44 ELECTRICALCONTRACTOR | MAR. 17 | WWW.ECMAG.COM
TECHNOLOGY BY JIM ROMEO
The investigation continues, but this
event may foreshadow the role that smart
home devices play as they continue to
change lifestyles as well the technology
frontier for today’s contractors.
Home devices are becoming an asset in
“We are already there,” said Rob
Martens, vice president of strategy and
partnerships for Allegion, parent com-
pany of lockmaker Schlage, Carmel, Ind.
“That is why how you implement the
technology is just as important as what
Smart home elements can have
multiple functions. For interconnected
devices, there is debate as to how much
control is needed to capture its benefits
and meet any challenges they pose.
“We are seeing multiple sensors,
microphones, speakers all being incorporated into single product solutions
in hopes of delivering greater bundled
value such as a home security device
that provides remote viewing, notifications on air quality and energy savings,
audio entertainment and even shopping
list creation,” said Fritz Werder, vice
president and general manager, Nuvo
and On-Q product lines, Legrand, Hartford, Conn.
Martens said contractors are going to
begin to see Wi-Fi-certified homes.
“This demand will extend to existing homes, as more and more connected
devices become common, so electrical
contractors could benefit by understanding and potentially providing some
services around it,” he said.
Better technology, better value
Within smart home technology, many
see an emergence of voice technology
and voice control.
“The hottest new technology in the
smart home is undoubtedly voice control,” said Mitchell Klein, executive
director, Z-Wave Alliance, Fremont, Calif.
“Voice-control products such as Amazon
Alexa and Google Home are dominating
the market right now, and there is a lot of
consumer interest in using voice to control their homes. Beyond voice control,
AI [artificial or augmented intelligence]
is emerging as a trend in home control.”
Capability is not without cost, but
higher cost may be palatable to many if
it clearly translates to value.
“While smart home technology developments are continuing to improve the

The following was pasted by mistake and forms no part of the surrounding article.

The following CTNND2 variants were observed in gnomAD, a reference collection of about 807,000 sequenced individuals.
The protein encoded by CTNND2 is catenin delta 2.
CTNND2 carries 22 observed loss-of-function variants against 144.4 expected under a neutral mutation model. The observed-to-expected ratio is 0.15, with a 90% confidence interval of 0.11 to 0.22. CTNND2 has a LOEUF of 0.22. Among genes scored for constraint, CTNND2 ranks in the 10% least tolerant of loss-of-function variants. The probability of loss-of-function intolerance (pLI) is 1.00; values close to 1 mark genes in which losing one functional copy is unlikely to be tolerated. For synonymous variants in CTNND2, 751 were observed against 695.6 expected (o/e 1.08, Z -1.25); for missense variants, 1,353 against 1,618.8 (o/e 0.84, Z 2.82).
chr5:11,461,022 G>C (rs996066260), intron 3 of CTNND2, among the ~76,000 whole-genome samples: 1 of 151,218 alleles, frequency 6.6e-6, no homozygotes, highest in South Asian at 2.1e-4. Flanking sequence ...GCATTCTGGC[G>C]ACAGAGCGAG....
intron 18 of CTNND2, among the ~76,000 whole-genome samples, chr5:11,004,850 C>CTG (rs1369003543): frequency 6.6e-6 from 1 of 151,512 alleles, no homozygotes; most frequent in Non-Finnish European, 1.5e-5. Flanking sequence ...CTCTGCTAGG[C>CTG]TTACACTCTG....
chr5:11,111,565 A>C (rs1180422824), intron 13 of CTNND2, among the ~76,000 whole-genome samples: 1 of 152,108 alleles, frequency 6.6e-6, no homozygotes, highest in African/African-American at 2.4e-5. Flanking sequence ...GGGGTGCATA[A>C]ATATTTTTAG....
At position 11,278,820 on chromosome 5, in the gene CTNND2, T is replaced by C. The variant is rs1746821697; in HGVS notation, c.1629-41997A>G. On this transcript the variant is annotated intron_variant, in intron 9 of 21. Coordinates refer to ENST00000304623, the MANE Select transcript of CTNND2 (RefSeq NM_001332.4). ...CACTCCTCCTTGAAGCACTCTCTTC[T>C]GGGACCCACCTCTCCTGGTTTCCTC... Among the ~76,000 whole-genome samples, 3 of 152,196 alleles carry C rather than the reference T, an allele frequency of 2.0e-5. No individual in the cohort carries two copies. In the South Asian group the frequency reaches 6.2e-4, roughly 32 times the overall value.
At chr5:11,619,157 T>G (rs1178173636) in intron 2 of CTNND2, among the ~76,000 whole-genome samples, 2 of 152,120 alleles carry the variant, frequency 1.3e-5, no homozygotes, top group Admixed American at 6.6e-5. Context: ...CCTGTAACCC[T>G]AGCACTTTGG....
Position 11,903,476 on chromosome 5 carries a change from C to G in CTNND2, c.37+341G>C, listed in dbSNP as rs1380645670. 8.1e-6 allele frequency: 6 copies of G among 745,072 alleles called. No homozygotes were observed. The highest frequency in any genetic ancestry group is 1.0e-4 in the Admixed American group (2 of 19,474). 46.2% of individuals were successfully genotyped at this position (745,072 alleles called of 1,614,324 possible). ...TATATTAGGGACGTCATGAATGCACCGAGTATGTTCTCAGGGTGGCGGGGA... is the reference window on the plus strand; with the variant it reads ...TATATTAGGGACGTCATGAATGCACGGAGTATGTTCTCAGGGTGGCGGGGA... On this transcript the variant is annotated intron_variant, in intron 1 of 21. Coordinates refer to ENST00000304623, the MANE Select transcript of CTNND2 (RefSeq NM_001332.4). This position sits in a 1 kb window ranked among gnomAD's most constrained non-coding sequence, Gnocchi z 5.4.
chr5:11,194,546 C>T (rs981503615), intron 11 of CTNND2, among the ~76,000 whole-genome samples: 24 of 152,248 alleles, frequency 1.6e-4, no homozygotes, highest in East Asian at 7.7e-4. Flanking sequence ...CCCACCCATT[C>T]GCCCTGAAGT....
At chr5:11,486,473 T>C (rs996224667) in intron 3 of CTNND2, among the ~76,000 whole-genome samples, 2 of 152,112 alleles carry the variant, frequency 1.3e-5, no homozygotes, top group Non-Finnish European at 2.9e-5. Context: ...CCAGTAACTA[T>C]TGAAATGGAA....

quality of life for homeowners, they are
also continuing to improve in cost,” said
Greg Rhoades, director of marketing for
Leviton’s energy management, controls
and automation business division.
“With newer technologies having
cameras, thermostat, etc.—electrical
contractors can offer more affordable
and high-quality options together to
customers who want to make their
homes smarter in more ways than one,”
Rhoades said that, in addition to cost
for smart home solutions, ECs can provide even more value to homeowners by
teaching them how to customize their
smart home products upon initial install
and setup. Knowing which options are
on the market to expand a homeowner’s
control and ease of use over his or her
products enables contractors to improve
their own service value as well.
This year, electricians can create a
smart home without having to be an
integration or software expert. It’s getting easier for smart homes to become
the futuristic showcase of convenient
technology for living that has been in the
works for decades.
Smart home devices aren’t new.
The 1964 New York World’s Fair featured “picture phones,” underground
homes and a host of gadgets. However,
the utility of home devices in the age of
the Internet of Things has given way to
unforeseen capabilities and value, such
as unlocking our door, remotely monitoring our water usage, and possibly
solving murder mysteries.
For the EC with foresight, fertile
ground awaits in smart home technology,
with dividends to be reaped by those who
understand and embrace its potential.
A More Connected Tomorrow
Home devices and what they mean
WHEN A DEAD BODY WAS DISCOVERED in a hot tub in Bentonville, Ark., in
late 2015, detectives looked for forensic evidence in uncommon places. The home
was outfitted with smart devices, such as Apple’s Nest thermostat, an Amazon Echo
that responds to voice commands and a digital water metering system that could
be read remotely. The investigators thought the Echo might provide clues if they
could analyze a log of any commands it received. Detectives reached out to some
smart-device providers to gather forensics that could help solve the crime in a
ROMEO is a freelance writer based in Chesapeake, Va. He focuses on business and
technology topics. Find him at www. JimRomeo.net. I S T